Heart disease is the leading killer of women in the United States, taking the lives of 500,000 women each year. It is estimated that almost 1 in 2 women will eventually die of heart -disease or stroke.
Heart disease is mostly preventable, so understanding these serious health threats can make a life-saving difference.
The American Heart Association has identified several factors that increase the risk of heart disease and stroke. The more risk factors a woman has, the greater her risk of a heart attack or stroke. Some of these risk factors can't be controlled, such as increasing age, family health history, and race and gender. But others can be modified, treated or controlled to lower risk of more serious heart disease.
Risk factors that can be controlled include:
Smoking is the most preventable cause of premature death in the United States. Smoking even as few as 1-15 cigarettes daily triples the risk of a heart attack. When you stop smoking, that risk returns to normal over time.
Active women who exercise regularly have a significantly lower risk of heart disease than inactive women. Even moderate amounts of activity, performed regularly, lead to a measurable benefit.
Women who are overweight are more likely to develop heart disease, even without any other risk factors. Plus, excess body weight raises cholesterol and blood pressure, and raises the risk of developing diabetes.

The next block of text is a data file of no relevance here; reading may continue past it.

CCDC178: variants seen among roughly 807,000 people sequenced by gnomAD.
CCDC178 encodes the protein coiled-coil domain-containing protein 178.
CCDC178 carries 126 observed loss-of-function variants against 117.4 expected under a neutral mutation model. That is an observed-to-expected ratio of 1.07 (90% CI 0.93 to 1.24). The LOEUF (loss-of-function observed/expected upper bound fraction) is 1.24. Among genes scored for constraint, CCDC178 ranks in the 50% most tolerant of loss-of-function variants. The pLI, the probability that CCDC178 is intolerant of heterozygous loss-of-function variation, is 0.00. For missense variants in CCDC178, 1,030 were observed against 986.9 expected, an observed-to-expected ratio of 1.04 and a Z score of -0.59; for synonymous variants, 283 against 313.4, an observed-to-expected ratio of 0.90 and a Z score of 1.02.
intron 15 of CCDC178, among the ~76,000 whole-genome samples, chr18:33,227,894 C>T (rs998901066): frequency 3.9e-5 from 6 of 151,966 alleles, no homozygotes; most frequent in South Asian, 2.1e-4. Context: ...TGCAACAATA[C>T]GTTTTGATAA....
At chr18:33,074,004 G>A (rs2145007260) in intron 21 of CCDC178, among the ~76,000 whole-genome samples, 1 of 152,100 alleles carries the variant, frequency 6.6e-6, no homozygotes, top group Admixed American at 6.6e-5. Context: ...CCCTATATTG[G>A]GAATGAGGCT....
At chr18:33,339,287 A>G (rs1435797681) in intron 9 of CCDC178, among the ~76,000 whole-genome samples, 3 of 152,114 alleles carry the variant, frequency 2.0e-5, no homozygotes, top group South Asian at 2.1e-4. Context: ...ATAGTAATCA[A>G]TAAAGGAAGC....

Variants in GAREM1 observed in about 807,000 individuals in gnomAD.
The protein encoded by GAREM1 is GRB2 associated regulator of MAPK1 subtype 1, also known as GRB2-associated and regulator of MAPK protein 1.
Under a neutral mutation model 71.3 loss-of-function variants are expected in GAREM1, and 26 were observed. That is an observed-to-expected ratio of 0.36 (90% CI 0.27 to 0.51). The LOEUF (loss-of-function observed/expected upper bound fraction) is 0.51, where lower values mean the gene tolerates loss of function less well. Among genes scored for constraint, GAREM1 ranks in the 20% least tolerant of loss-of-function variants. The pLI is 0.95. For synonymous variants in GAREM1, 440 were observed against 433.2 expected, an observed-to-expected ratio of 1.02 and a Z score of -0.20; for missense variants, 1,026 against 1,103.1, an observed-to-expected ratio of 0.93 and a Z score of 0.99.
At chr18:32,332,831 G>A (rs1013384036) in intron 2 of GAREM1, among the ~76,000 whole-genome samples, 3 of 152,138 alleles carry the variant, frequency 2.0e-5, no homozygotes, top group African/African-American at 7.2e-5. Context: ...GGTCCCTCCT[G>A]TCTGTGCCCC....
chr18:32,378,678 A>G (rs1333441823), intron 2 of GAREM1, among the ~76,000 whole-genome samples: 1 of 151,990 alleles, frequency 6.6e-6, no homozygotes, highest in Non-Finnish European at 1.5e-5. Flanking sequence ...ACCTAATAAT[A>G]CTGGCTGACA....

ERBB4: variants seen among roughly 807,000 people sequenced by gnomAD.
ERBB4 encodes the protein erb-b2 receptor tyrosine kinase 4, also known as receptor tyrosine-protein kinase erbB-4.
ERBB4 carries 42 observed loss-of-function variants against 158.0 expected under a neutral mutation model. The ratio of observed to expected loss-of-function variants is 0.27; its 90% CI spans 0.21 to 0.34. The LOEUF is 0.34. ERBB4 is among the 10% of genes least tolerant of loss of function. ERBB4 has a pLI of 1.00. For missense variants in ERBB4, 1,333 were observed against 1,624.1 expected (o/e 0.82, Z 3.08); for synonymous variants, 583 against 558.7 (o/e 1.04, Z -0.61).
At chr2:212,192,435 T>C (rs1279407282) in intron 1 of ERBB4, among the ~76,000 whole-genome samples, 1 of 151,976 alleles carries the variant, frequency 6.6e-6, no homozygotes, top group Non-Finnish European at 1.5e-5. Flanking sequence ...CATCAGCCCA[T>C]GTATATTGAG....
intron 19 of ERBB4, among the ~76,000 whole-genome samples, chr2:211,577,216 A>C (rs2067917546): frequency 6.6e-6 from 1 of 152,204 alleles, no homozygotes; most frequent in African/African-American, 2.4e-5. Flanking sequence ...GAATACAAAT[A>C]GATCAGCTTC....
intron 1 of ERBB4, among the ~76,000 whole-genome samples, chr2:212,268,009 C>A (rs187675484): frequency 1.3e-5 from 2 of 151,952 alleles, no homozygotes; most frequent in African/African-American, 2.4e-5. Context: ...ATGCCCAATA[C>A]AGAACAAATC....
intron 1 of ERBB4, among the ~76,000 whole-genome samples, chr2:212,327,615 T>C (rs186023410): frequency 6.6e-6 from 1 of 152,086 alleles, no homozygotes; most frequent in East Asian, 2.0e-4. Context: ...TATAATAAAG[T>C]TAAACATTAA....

High levels of sustained stress can make women more susceptible to serious disorders such as cardiovascular disease.
High blood pressure
Almost one-third of American women have high blood pressure. If uncontrolled, high blood pressure can significantly increase the risk of heart attack, congestive heart failure and stroke.
Elevations in total cholesterol, triglycerides and LDL (so called "bad cholesterol") all raise women's risks of heart attack and stroke.
Diabetes increases the risk of developing heart disease as much as 2-4 times. If you have diabetes, your physician will work with you to carefully control not only your diabetes, but other risk factors like high blood pressure and high cholesterol.
To make an appointment with a Washington University heart or vascular specialist at Barnes-Jewish Hospital, call